The saga of RIM and its epic spiral down into the pits of irrelevancy continue to worsen as Netflix announces it has no plans to bring its services to BlackBerry smartphones or the newly updated PlayBook. It really sucks to be RIM right now.
How RIM shipped the BlackBerry PlayBook tablet without native email, calendar and contact apps is beyond anyone. It's a BlackBerry product for crying out loud. Worry no more, because RIM is finally pushing out PlayBook OS 2.0 and it brings all of that, as well as the long-awaited Android app support.
Last year was not a great year for RIM. Having launched its PlayBook tablet to lukewarm reviews and not having native email and calendar apps baked in, RIM is rumored to be dropping a new 10-inch PlayBook and another revamped 7-inch PlayBook.
RIM hasn't given up on its 7-inch PlayBook tablet, but it seems Best Buy is done with the tablet that's failed to catch on. Reports are coming in that Best Buys are canceling all PlayBook orders.
How many times do you have to beat a BlackBerry PlayBook until it admits to being able to run Android apps? It would appear to be three. The feature isn't only speculation and murmurs anymore — RIM's made it official.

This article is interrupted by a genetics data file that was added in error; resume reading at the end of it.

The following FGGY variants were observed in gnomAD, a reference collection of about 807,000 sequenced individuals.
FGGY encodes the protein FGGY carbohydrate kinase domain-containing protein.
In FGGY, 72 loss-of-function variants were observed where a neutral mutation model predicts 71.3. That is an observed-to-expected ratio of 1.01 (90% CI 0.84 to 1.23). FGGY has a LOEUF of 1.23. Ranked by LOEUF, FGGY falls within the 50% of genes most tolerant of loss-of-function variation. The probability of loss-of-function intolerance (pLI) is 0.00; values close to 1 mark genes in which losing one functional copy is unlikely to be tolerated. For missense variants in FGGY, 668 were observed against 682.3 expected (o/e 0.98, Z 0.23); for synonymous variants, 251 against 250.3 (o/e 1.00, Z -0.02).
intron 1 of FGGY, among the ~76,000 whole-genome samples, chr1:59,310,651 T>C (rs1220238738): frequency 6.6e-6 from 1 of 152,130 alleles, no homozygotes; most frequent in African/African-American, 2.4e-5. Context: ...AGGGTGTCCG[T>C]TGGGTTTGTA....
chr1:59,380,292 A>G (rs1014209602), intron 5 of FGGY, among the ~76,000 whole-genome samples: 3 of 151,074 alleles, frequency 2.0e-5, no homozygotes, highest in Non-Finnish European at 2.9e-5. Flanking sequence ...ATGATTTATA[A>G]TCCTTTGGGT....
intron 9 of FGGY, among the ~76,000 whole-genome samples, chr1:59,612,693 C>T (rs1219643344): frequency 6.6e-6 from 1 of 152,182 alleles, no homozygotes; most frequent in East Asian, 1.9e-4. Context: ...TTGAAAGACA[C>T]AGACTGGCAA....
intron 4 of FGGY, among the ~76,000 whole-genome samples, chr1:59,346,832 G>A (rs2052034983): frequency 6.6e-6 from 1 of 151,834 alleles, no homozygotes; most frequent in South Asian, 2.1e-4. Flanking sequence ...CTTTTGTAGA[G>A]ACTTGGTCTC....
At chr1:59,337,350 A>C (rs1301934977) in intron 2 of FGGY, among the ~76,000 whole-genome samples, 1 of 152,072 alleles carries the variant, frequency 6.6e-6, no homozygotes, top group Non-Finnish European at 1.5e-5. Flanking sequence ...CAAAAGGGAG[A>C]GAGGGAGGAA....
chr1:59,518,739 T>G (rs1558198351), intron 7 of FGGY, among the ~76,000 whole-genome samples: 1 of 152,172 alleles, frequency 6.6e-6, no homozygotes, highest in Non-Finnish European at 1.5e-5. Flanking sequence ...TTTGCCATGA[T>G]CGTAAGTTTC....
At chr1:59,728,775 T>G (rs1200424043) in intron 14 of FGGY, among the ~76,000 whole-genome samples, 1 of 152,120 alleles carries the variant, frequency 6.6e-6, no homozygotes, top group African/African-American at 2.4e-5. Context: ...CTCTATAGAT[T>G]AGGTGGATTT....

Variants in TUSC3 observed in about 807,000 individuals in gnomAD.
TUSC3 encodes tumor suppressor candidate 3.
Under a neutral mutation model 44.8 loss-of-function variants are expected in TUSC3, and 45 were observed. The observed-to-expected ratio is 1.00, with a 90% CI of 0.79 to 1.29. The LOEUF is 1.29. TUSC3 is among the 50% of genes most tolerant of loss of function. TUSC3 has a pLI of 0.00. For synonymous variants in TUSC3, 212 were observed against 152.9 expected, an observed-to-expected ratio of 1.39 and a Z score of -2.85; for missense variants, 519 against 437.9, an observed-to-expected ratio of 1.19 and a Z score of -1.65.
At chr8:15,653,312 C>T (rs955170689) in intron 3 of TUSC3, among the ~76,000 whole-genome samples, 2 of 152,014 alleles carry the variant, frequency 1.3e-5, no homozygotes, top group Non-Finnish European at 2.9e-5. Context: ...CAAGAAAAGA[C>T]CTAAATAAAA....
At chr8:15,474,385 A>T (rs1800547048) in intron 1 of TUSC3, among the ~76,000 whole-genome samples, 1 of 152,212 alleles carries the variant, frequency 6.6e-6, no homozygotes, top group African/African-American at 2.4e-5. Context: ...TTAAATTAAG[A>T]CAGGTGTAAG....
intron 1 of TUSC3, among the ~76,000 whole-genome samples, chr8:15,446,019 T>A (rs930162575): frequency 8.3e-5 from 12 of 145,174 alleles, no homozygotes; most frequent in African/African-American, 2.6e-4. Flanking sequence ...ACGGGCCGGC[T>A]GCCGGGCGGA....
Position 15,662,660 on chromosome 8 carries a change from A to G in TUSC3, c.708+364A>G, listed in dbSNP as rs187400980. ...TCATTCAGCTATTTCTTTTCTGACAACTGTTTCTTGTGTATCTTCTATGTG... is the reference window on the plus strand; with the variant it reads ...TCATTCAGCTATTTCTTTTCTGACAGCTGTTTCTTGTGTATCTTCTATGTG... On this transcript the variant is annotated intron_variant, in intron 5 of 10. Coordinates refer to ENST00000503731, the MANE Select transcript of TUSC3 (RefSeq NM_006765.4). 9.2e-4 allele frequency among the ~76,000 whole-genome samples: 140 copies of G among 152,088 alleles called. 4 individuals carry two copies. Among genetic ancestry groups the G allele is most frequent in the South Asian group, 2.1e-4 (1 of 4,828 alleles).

How do you top the iPad? Well, adding features Apple's tablet lacks is a good start, and BlackBerry makers Research in Motion's upcoming PlayBook is doing just that with front and rear cameras for video chat. That, and the company also wants the PlayBook to come in at under $500.
There's something not quite right with the burgeoning tablet PC business. As it did with digital music players and touchscreen multimedia cellphones, Apple has created a viable gadget market where none before existed, fortifying droves of copycats and followers smelling sudden success, a "me too!" army pouring through a breach in a fortress wall it had no hand in toppling. But has it occurred to anyone that perhaps Apple's iPad didn't so much create a market for tablets as much as it created a market just for Apple iPads?
This is clearly the year of the tablet, with every major player prepping some sort of competitor to Apple's iPad. The latest: BlackBerry, with the PlayBook tablet.